management plan, I can powerfully review my outline by

task designee. Oh, by the way, you can assign more than one

person to a task, if needed!

Finally, you can share your SG Project in a number of

different ways. I generally export my project whenever it

is updated or revised. I like sending it in PDF format to the

various people working on a particular project with me. You

can also link your project with a Dropbox account.

By now, you can readily see how SG Project on your iPad

will make you more productive, more proactive, and more

powerful as a litigator! Who could ask for more?

Next time, I’ll explore using the iPad as a digital Trial

Notebook!

If you enjoyed this, I’d be grateful if you share this with

others. That’s right, go ahead and help spread this information

by emailing it to a friend, or sharing it on Twitter, Facebook,

or Google+. And, if you’re interested in finding out how I can

make a presentation to your law firm, please contact me at

909-483-1850 or email me at sgrossberg@cgclaw.com.

© 2012 by Scott Grossberg. All Rights Reserved.

Mr. Grossberg is a founding partner of the Southern California

law firm of Cihigoyenetche, Grossberg & Clouse. He is a featured

speaker and published author on numerous topics including media

relations, social media, technology, public speaking, memory, and

various other cutting edge concepts. Mr. Grossberg’s “iPad Lawyer”

seminars provide legal professionals with the ability to truly harness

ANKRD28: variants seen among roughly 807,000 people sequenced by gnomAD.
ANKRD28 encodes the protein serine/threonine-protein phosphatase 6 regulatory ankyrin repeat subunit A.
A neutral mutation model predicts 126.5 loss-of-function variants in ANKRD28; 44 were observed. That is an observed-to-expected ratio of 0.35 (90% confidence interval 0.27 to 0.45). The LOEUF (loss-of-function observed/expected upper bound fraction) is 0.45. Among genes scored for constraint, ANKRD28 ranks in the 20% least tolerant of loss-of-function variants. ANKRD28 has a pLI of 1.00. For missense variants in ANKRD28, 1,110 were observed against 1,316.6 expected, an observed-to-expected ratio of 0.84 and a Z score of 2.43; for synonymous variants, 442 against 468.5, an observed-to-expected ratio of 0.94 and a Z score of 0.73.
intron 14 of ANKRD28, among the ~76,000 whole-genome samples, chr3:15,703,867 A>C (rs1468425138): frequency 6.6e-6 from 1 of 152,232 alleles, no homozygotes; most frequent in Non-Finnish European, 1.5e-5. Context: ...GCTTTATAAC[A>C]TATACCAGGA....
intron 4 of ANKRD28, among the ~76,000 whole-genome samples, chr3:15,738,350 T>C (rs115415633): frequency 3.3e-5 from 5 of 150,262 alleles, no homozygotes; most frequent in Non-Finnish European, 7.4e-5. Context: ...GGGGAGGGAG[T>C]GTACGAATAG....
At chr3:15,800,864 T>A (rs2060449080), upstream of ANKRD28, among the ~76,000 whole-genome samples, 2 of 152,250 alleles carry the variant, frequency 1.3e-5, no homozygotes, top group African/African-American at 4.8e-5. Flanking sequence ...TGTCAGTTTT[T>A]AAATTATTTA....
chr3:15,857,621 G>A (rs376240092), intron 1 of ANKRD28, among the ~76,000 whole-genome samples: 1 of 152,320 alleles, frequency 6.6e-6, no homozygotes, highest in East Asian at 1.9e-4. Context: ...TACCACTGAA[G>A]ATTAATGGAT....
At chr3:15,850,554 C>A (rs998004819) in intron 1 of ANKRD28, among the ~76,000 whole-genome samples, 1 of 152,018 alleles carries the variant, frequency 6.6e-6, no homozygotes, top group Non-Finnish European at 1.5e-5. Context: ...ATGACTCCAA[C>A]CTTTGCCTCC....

the potential of Apple’s tablet. He is regularly called upon to address

the impact of emerging technology and social media, suggest

policies and procedures that should be in place, and to discuss

liability exposure for this new way of doing business. He can be

reached at sgrossberg@cgclaw.com.


12 San Bernardino County Bar Association July-August 2012

Text Message

Preservation

by Sharon D. Nelson, Esq.,

John W. Simek and

Jesse M. Lindmar

© 2012 Sensei Enterprises, Inc.

With an average of 193.1 billion text messages sent

every month in the United States, the importance and

use of text messages in litigation is ever-increasing. As a

consequence, the importance of text message preservation

for e-discovery is also growing. Understanding how text

messages can be preserved and the pitfalls to avoid is

essential. While we recommend engaging the services of

a digital forensics service provider who is familiar with the

complexities of mobile phone forensics, there are certain